Sunday, June 25, 2006
When Pennsylvania Congressman Jack Murtha began speaking out against the War in Iraq, his remarks gained instant credibility with his Democratic colleagues and members of the MSM. As we were told, Murtha was a retired Colonel in the Marine Corps Reserve who had served in Vietnam (perhaps you heard, John Kerry was there as well). That experience, coupled with Murtha's long support of defense issues (chiefly, programs that benefitted his district or relatives of his Democratic colleagues) made the Congressman an expert on Iraq whose views must be taken seriously, even if many of his comments make no sense from a military or political standpoint.
Speaking in Miami over the weekend, Murtha illustrated again why he cannot be taken seriously as a military expert, or even as a critic of American national security policy. At a town hall meeting sponsored by Florida Congressman Kendrick Meek (and held at Florida International University), Congressman Murtha announced that the U.S. military presence in Iraq is more dangerous to world peace than nuclear threats from North Korea and Iran.
Let that one sink in for a moment. From Murtha's perspective, American efforts to bring democracy and stability to Iraq are more threatening to global security than attempts by two rogue nations to develop and acquire nuclear weapons, and the means to deliver them against western targets. It goes without saying that Murtha's logic train jumped the tracks a long time ago, but there is no evidence that the Congressman's Democratic/university audience voiced event a hint of disagreement. To the contrary; I'd guess that Murtha's remarks probably received a standing ovation. Afterall, Murtha is an authoritative Democratic voice on national security matters, or what passes for one in today's version of his party.
When we last checked on Congressman Murtha, he was assuring Tim Russert that U.S. military forces in the Gulf region could be easily re-deployed to "nearby" bases on Okinawa. When Russet suggested that Okinawa is a bit distant for "quick reaction" forces assigned to the Middle East, Murth--with a straight face--assured Mr. Russert that American aircraft could reach the Gulf in no time at all.
Never mind the fact that Kadena AB (our primary airfield on Okinawa) is more than 4,000 miles from Baghdad. Never mind that the most direct route would require overflying China, a prospect that is exceptionally unlikely. Never mind that the "available route" (through the Malaccan Strait and across the Indian Ocean) would require 16-hour round-robin missions, and the support of much of our aerial tanker fleet. Never mind that such operations would create all sorts of diplomatic problems and wreak havoc with aircraft maintenance schedules, crew rest and a host of other operational issues. And finally, never mind that the Murtha "plan" simply doesn't make sense.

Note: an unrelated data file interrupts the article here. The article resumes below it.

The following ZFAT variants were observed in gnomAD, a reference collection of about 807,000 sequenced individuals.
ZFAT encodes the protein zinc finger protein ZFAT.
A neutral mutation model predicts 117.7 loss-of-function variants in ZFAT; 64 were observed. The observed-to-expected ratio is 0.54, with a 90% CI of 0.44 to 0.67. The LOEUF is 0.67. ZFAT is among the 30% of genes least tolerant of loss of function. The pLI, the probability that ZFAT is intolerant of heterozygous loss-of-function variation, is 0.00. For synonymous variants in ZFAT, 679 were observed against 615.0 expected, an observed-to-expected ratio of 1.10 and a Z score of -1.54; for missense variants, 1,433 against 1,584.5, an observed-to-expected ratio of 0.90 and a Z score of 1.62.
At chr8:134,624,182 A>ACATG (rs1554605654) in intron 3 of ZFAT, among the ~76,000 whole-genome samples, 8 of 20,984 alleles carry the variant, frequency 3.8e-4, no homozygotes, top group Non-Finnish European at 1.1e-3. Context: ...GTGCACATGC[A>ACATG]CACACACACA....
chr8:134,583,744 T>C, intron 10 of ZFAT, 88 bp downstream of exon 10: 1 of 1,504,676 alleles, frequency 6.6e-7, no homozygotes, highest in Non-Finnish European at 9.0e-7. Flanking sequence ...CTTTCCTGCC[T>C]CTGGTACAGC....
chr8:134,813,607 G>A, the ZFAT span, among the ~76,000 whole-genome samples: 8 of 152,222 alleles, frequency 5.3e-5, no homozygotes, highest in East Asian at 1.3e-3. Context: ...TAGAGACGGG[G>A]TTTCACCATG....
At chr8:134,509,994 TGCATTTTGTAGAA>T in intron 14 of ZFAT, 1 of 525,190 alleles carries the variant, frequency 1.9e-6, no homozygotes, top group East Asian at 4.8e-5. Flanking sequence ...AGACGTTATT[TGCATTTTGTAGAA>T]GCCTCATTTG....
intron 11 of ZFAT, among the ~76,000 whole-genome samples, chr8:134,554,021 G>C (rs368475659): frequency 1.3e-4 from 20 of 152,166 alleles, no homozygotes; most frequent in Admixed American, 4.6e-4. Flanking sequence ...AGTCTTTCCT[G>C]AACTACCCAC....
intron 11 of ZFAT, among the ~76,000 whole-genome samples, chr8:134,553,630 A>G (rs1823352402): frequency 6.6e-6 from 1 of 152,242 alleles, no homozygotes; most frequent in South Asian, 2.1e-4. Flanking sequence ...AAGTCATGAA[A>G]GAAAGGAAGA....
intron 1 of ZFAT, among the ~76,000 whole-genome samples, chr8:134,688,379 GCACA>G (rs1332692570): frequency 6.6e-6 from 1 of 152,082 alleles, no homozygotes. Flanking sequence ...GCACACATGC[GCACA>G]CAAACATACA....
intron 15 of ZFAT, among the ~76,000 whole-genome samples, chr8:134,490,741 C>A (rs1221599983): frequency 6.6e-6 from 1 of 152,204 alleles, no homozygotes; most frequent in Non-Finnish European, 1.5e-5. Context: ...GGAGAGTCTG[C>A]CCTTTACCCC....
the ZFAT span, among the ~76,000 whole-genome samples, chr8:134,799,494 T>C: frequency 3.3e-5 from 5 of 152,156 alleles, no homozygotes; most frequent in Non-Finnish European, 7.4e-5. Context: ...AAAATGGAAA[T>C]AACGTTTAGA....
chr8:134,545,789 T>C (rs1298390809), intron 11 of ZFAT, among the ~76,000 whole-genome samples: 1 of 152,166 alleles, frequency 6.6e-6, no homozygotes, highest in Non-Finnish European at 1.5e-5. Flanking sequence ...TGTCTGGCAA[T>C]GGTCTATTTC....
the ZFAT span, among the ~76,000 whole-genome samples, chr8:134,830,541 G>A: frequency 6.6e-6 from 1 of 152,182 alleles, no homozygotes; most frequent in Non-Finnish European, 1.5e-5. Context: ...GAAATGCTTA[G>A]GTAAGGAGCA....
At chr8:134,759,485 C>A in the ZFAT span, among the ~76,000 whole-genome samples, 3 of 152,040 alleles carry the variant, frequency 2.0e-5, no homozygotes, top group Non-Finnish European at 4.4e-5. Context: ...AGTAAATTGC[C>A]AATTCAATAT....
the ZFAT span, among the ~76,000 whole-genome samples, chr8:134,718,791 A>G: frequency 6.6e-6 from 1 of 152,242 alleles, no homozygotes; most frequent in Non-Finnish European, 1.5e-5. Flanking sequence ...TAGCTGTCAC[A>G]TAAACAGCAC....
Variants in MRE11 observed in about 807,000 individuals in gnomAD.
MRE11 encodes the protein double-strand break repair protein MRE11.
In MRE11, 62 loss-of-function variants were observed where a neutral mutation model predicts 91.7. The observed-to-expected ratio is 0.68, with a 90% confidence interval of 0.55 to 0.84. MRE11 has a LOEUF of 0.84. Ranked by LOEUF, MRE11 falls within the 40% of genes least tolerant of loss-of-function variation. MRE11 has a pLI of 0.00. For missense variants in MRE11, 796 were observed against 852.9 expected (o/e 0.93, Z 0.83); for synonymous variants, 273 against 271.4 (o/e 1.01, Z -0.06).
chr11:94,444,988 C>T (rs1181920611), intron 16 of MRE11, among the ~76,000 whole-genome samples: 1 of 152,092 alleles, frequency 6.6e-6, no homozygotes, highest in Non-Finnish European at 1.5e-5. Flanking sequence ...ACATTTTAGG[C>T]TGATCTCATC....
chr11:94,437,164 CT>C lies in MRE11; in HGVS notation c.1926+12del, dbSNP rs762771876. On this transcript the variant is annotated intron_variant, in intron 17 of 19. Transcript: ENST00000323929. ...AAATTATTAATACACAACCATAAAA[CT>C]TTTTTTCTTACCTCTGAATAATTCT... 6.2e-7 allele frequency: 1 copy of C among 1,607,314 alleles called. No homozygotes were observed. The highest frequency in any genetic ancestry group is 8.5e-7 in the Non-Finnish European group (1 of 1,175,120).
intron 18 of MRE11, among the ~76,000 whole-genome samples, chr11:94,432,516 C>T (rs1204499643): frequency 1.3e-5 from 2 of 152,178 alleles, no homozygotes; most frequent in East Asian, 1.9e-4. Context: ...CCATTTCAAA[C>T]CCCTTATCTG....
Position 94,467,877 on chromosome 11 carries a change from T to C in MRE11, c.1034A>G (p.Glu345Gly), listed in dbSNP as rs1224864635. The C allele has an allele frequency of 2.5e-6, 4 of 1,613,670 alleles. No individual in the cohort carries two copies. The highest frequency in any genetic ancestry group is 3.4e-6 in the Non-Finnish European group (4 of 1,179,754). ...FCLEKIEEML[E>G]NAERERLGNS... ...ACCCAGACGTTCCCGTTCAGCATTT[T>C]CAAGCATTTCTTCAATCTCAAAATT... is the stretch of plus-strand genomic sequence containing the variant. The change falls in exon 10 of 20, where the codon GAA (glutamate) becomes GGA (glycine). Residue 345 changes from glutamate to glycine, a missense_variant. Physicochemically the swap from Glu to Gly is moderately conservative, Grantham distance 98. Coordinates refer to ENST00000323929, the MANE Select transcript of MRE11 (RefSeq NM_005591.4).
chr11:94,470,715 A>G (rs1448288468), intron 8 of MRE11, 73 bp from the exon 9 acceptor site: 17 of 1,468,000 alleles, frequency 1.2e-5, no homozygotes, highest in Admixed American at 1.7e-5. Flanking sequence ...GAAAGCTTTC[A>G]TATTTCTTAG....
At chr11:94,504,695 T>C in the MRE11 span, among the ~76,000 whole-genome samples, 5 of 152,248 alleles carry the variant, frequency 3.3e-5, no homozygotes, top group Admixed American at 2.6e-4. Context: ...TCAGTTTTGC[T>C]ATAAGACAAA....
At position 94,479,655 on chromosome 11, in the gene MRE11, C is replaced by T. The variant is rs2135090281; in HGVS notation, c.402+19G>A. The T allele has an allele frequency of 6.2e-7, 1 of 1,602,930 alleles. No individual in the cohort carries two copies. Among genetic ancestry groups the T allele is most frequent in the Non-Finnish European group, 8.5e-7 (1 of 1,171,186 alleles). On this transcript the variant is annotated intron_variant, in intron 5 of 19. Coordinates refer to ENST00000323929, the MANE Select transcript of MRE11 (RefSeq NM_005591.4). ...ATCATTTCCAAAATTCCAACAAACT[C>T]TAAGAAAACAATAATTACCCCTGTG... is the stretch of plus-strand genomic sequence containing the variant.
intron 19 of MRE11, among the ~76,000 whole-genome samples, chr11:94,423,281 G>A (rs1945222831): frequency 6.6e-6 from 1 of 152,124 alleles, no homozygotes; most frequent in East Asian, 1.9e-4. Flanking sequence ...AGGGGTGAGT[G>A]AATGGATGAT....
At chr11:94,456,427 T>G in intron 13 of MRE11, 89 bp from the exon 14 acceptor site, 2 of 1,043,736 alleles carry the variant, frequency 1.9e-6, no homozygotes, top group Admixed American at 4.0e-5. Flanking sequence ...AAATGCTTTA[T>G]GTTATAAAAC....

The real question here is at what point a (supposedly) informed member of Congress loses whatever shred of credibility he/she has left, and is held up to the scorn and ridicule they so richly deserve. Murtha has been easy meat for the blogosphere, where his pronouncements on Iraq and recent "air support" proposals were savaged by anyone with more than cursory knowledge of military operations.
Obviously, that's not the case in the MSM. Other than a few mildly tough questions from Tim Russert, Congressman Murtha has spouted his imbecelic "strategy" with nary a peep from the drive-by press, who seem to regard him as the greatest military thinker since Clausewitz. In another media era (or, say, if Murtha was a Republican) his remarks would be roundly criticized and quickly dismissed. The New York Times would probably weigh in with a lead editorial deriding the "folly" of such remarks, and invitations for the Sunday talk shows would probably cease.
But in today's media environment, Murtha has become a left-wing hero who will likely remain the Democrats' public voice for defense and security issues. That raises a couple of other questions: first, how did someone with such a marginal understanding of military issues ever rise to the rank of Colonel, even in the Marine Corps Reserve? The Corps has long prided itself on having officers and NCOs who can adapt to rapidly changing strategic, operational and tactical conditions, and "think outside the box" in developing innovative solutions. Murtha obviously missed that class at Quantico, and again failed to absord the lesson at intermediate and senior service schools--assuming (of course) that he actually completed those courses. In reality, Murtha's rise to the rank of Colonel is more a testament to the Corps' efforts to maintain a powerful ally in Congress than the Congressman's ability as a military leader.
And that brings us to our second, more pressing question: has Jack Murtha taken leave of his senses? His comments over the past week suggest a man who will say anything to keep himself in the media spotlight, or someone whose grasp on military reality appears to be fading. As the November election approaches, voters in Pennsylvania's 12th Congressional District should ask themselves if "Crazy Jack" is better suited for the House of Representatives, or (perhaps) a more confined, comfortable facility, with padded walls, and those nice, long sweaters that tie in the back.